Monday, February 23, 2009

"CHIPS: world's first reversible diode"

Rutgers University researchers have demonstrated what they claim is the world's first reversible diode. Using a ferroelectric material, the new material formulation was also found to be photovoltaic in a part of the spectrum not covered by conventional solar cells, opening the door to a potential new green energy source. The new material is a member of the perovskite class of crystals and is distinguished by using three negative ions of oxygen that bind to two positive ions of very different atomic sizes. Made from bismuth, iron and oxygen, the reversible diode can alter the direction in which it allows current to pass by switching its ferroelectric polarization.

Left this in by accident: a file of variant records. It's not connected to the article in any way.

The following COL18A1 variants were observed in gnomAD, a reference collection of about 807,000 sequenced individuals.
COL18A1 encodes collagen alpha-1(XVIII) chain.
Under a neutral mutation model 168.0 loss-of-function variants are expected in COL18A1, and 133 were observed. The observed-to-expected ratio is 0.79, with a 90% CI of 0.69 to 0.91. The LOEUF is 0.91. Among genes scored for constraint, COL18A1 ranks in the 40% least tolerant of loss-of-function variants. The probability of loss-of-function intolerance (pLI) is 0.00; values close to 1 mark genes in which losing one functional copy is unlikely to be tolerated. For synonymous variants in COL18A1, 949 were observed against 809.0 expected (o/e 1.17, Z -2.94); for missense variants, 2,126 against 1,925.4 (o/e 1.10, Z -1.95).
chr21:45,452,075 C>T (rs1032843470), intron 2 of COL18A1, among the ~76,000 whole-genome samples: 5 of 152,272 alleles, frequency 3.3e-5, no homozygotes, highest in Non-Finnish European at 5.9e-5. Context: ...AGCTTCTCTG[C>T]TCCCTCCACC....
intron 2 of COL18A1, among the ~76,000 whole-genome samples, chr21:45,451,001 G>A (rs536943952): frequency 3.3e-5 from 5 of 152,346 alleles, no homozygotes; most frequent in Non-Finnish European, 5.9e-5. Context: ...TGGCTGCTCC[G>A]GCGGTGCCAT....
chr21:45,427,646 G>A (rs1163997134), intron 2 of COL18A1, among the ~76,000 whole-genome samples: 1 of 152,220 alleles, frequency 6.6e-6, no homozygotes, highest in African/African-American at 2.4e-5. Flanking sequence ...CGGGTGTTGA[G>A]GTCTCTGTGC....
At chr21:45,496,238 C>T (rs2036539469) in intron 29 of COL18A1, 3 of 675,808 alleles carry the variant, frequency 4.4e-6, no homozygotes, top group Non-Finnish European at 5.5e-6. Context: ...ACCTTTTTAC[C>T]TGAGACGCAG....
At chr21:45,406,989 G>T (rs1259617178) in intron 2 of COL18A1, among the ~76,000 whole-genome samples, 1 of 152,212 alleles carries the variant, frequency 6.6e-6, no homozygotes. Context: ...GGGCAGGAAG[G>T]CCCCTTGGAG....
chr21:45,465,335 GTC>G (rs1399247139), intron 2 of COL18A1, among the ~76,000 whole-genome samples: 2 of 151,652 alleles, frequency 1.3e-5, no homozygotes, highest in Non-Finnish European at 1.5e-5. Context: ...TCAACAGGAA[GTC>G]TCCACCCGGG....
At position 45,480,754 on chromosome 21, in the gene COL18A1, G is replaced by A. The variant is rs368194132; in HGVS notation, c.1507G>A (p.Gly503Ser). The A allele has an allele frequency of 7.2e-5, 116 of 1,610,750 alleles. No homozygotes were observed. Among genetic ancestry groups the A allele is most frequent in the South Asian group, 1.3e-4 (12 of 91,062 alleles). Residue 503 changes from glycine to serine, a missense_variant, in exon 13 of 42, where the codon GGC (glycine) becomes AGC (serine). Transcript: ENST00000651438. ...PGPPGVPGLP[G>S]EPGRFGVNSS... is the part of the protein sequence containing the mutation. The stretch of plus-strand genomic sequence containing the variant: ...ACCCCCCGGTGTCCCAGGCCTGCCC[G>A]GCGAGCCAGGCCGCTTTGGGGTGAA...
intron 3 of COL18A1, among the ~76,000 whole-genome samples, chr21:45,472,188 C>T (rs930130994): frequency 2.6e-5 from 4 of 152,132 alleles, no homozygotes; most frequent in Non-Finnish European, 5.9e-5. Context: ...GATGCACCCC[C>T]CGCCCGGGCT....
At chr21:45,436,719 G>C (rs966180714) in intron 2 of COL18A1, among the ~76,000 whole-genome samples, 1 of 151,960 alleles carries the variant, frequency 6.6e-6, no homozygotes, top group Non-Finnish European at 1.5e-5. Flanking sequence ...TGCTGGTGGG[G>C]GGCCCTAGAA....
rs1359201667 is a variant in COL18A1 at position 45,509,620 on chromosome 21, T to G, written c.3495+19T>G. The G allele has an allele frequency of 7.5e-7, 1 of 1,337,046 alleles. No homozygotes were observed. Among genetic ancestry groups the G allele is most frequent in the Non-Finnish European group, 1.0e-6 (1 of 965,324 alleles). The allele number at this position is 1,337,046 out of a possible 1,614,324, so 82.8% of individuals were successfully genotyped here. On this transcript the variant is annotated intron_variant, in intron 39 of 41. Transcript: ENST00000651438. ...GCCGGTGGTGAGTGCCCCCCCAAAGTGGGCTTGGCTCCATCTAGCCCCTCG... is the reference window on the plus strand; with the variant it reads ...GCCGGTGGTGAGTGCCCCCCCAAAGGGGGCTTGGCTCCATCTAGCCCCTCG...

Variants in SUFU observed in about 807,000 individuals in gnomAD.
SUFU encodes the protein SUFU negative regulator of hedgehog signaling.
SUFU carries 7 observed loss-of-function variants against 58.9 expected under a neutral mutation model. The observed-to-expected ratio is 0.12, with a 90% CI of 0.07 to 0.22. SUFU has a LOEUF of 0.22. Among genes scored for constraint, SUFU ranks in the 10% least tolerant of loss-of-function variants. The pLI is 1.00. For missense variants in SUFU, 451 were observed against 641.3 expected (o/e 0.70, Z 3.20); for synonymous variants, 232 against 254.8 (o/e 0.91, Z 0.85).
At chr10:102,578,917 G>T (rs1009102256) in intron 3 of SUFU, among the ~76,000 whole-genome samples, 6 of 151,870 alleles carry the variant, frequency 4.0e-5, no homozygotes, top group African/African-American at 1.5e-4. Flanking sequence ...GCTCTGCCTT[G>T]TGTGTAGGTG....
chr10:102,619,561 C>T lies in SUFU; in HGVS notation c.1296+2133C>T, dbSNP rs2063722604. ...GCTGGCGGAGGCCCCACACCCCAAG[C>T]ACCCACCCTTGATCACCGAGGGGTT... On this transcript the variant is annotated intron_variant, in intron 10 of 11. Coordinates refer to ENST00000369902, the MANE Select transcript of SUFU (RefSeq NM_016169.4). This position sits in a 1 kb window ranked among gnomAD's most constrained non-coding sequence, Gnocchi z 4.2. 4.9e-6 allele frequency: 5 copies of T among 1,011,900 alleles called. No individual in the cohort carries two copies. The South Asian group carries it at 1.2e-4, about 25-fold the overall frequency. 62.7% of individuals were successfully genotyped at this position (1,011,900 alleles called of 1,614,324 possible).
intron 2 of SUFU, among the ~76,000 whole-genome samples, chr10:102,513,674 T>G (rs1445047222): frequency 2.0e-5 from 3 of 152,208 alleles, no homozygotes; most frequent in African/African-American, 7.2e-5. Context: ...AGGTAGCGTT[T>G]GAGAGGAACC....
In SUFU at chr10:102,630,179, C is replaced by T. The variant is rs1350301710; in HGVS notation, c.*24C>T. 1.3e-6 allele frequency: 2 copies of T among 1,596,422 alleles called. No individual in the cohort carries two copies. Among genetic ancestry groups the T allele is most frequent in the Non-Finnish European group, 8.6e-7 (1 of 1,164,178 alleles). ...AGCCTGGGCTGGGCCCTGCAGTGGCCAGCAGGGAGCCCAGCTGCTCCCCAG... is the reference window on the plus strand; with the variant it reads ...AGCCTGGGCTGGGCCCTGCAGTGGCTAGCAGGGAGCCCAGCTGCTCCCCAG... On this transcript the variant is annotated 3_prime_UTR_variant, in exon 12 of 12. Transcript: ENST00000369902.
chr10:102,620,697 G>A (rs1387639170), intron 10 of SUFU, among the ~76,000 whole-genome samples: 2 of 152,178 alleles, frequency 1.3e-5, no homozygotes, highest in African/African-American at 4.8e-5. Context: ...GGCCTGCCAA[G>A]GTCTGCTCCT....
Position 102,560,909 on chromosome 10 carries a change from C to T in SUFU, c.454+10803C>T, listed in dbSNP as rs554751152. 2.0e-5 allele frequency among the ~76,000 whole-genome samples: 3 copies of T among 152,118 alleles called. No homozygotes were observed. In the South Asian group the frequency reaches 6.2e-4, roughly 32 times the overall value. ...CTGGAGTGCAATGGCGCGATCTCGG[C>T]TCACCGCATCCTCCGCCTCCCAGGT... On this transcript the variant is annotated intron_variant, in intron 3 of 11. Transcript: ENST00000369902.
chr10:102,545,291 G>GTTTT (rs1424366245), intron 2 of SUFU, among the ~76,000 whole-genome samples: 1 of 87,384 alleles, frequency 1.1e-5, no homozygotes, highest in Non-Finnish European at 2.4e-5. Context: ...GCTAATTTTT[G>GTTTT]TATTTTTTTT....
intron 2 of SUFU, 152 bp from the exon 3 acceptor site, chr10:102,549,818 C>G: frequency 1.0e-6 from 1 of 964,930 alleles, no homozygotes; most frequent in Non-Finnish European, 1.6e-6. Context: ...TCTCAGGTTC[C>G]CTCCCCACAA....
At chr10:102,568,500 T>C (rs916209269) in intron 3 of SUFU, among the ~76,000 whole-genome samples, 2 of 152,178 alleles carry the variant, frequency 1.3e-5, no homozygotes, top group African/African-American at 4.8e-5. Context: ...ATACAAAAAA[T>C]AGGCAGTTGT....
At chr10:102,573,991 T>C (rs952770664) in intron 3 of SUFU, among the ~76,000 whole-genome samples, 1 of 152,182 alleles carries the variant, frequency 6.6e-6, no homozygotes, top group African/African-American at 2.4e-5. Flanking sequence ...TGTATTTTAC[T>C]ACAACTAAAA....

BOTTOM LINE: A availability of a reversible diode is sure to spur electrical engineers to find useful applications. The ferroelectric material will have to be integrated into someone's CMOS process to be used on conventional chips, which takes time. Discrete devices seem inevitable too. The utility of the material also being photovoltaic in the blue color gamut could help the efficiency of multi-junction solar cells, but this all depends on optimizing and fully characterizing the material, which could take years.